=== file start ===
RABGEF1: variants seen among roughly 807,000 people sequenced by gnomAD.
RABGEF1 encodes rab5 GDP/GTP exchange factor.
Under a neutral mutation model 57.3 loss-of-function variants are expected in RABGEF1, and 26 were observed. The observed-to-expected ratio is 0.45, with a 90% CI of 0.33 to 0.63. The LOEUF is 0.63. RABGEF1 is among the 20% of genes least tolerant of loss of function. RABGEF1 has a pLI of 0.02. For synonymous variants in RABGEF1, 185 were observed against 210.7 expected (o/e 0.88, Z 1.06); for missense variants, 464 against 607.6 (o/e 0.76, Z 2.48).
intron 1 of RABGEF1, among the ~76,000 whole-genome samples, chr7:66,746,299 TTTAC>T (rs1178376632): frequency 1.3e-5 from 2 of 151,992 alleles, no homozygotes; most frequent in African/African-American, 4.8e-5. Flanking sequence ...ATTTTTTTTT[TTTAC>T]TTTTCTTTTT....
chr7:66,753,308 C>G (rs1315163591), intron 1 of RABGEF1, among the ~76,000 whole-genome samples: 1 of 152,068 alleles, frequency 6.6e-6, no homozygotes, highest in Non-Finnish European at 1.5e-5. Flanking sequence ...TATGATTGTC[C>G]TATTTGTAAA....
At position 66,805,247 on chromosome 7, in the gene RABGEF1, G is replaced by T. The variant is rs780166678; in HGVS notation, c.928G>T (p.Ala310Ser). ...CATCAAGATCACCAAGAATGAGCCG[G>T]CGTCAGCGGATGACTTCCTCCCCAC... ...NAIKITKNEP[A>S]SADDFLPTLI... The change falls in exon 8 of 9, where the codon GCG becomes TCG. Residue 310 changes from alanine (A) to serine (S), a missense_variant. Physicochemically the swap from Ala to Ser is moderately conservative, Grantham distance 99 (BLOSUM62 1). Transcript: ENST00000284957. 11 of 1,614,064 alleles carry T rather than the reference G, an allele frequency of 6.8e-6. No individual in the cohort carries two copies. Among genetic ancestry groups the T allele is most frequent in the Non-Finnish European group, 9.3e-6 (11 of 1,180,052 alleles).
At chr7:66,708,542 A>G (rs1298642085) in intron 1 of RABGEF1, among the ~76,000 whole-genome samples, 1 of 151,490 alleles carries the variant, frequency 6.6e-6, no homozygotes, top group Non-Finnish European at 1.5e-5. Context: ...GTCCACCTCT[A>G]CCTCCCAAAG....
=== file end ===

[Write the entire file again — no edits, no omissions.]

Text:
RABGEF1: variants seen among roughly 807,000 people sequenced by gnomAD.
RABGEF1 encodes rab5 GDP/GTP exchange factor.
Under a neutral mutation model 57.3 loss-of-function variants are expected in RABGEF1, and 26 were observed. The observed-to-expected ratio is 0.45, with a 90% CI of 0.33 to 0.63. The LOEUF is 0.63. RABGEF1 is among the 20% of genes least tolerant of loss of function. RABGEF1 has a pLI of 0.02. For synonymous variants in RABGEF1, 185 were observed against 210.7 expected (o/e 0.88, Z 1.06); for missense variants, 464 against 607.6 (o/e 0.76, Z 2.48).
intron 1 of RABGEF1, among the ~76,000 whole-genome samples, chr7:66,746,299 TTTAC>T (rs1178376632): frequency 1.3e-5 from 2 of 151,992 alleles, no homozygotes; most frequent in African/African-American, 4.8e-5. Flanking sequence ...ATTTTTTTTT[TTTAC>T]TTTTCTTTTT....
chr7:66,753,308 C>G (rs1315163591), intron 1 of RABGEF1, among the ~76,000 whole-genome samples: 1 of 152,068 alleles, frequency 6.6e-6, no homozygotes, highest in Non-Finnish European at 1.5e-5. Flanking sequence ...TATGATTGTC[C>G]TATTTGTAAA....
At position 66,805,247 on chromosome 7, in the gene RABGEF1, G is replaced by T. The variant is rs780166678; in HGVS notation, c.928G>T (p.Ala310Ser). ...CATCAAGATCACCAAGAATGAGCCG[G>T]CGTCAGCGGATGACTTCCTCCCCAC... ...NAIKITKNEP[A>S]SADDFLPTLI... The change falls in exon 8 of 9, where the codon GCG becomes TCG. Residue 310 changes from alanine (A) to serine (S), a missense_variant. Physicochemically the swap from Ala to Ser is moderately conservative, Grantham distance 99 (BLOSUM62 1). Transcript: ENST00000284957. 11 of 1,614,064 alleles carry T rather than the reference G, an allele frequency of 6.8e-6. No individual in the cohort carries two copies. Among genetic ancestry groups the T allele is most frequent in the Non-Finnish European group, 9.3e-6 (11 of 1,180,052 alleles).
At chr7:66,708,542 A>G (rs1298642085) in intron 1 of RABGEF1, among the ~76,000 whole-genome samples, 1 of 151,490 alleles carries the variant, frequency 6.6e-6, no homozygotes, top group Non-Finnish European at 1.5e-5. Context: ...GTCCACCTCT[A>G]CCTCCCAAAG....